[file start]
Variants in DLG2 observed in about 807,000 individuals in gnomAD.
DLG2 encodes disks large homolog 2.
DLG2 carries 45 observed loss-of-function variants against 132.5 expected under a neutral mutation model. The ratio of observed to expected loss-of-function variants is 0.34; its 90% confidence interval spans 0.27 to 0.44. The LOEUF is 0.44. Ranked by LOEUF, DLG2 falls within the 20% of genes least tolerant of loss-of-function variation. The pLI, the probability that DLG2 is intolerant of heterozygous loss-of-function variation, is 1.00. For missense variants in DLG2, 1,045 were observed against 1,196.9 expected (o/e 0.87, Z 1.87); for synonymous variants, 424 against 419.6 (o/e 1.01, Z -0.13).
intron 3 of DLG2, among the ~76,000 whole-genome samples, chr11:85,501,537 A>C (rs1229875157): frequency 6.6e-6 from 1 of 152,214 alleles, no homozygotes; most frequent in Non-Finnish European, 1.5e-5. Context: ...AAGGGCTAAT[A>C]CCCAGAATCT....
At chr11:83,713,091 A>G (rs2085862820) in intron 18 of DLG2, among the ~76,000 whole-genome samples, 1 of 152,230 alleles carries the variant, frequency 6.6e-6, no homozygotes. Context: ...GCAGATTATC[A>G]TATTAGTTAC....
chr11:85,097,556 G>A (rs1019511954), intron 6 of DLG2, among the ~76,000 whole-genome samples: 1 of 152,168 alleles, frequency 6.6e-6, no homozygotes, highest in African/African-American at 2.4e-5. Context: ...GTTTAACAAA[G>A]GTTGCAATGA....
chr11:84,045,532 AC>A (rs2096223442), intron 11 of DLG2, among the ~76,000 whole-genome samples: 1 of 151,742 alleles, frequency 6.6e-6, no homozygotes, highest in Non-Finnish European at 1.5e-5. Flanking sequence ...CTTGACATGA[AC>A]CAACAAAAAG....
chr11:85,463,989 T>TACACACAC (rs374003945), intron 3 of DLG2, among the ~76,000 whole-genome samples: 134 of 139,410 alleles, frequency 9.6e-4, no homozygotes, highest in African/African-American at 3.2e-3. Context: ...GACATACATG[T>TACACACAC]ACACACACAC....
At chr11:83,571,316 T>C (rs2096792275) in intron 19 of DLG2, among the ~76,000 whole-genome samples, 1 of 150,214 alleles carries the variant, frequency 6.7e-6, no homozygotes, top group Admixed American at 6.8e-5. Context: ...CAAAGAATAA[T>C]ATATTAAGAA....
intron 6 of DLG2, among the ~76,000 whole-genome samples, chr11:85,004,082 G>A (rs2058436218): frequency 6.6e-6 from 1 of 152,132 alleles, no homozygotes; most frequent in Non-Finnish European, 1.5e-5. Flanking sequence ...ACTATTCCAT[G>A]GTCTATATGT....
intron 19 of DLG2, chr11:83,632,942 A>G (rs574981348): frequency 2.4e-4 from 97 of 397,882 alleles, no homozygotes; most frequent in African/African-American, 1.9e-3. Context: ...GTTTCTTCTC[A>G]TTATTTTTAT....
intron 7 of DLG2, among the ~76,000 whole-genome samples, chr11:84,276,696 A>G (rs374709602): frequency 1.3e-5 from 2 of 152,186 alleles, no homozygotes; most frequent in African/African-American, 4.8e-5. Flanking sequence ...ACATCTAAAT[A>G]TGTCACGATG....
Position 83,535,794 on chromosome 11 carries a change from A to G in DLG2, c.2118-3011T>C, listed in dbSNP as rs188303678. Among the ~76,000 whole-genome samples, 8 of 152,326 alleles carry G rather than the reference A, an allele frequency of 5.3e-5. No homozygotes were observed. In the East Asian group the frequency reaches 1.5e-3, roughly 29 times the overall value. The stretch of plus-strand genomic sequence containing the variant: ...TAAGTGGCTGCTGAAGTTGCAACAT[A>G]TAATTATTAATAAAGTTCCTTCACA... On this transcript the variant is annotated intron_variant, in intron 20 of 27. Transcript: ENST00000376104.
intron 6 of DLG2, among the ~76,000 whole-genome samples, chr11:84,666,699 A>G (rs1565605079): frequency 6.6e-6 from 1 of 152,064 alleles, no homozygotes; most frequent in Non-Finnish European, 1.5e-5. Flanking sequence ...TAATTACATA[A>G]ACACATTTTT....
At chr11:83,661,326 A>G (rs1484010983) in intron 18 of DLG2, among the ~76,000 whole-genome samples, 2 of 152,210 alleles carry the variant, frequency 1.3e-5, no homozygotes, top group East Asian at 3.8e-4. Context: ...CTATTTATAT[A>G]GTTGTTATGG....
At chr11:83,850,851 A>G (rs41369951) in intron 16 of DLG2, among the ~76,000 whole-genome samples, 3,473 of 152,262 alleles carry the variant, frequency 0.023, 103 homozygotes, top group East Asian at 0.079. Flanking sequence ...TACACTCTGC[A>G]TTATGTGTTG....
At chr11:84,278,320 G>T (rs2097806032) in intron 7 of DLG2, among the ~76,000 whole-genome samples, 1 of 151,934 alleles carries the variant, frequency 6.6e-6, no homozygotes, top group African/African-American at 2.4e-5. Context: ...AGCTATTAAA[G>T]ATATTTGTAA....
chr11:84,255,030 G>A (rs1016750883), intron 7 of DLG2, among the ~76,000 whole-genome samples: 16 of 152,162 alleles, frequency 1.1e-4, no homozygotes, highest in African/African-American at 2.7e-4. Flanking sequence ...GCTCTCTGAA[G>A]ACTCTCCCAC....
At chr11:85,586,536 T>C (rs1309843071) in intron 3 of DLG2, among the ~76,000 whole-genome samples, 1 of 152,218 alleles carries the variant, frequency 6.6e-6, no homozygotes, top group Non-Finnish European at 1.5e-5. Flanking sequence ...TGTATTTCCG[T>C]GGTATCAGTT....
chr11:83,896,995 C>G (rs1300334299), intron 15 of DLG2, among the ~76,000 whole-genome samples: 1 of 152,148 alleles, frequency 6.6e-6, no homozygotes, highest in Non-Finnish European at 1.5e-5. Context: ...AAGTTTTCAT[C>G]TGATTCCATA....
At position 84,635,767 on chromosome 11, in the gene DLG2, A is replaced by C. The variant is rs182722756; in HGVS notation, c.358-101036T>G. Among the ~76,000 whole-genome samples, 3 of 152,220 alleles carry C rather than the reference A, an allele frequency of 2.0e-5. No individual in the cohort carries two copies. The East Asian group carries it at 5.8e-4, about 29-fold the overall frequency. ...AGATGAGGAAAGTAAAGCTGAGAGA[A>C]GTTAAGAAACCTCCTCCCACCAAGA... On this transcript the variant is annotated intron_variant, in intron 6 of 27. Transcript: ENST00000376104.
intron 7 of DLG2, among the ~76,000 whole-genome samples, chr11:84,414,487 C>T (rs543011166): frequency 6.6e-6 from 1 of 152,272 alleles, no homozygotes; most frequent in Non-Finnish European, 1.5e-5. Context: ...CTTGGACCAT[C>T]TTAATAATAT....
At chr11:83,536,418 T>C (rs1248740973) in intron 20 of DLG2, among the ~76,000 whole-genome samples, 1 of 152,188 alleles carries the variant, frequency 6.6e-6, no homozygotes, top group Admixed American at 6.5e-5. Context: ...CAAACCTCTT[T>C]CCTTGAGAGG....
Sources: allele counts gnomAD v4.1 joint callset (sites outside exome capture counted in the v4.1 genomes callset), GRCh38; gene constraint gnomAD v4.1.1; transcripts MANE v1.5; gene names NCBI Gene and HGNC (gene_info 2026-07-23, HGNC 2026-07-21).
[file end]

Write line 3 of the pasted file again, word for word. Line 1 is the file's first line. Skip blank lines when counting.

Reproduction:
DLG2 carries 45 observed loss-of-function variants against 132.5 expected under a neutral mutation model. The ratio of observed to expected loss-of-function variants is 0.34; its 90% confidence interval spans 0.27 to 0.44. The LOEUF is 0.44. Ranked by LOEUF, DLG2 falls within the 20% of genes least tolerant of loss-of-function variation. The pLI, the probability that DLG2 is intolerant of heterozygous loss-of-function variation, is 1.00. For missense variants in DLG2, 1,045 were observed against 1,196.9 expected (o/e 0.87, Z 1.87); for synonymous variants, 424 against 419.6 (o/e 1.01, Z -0.13).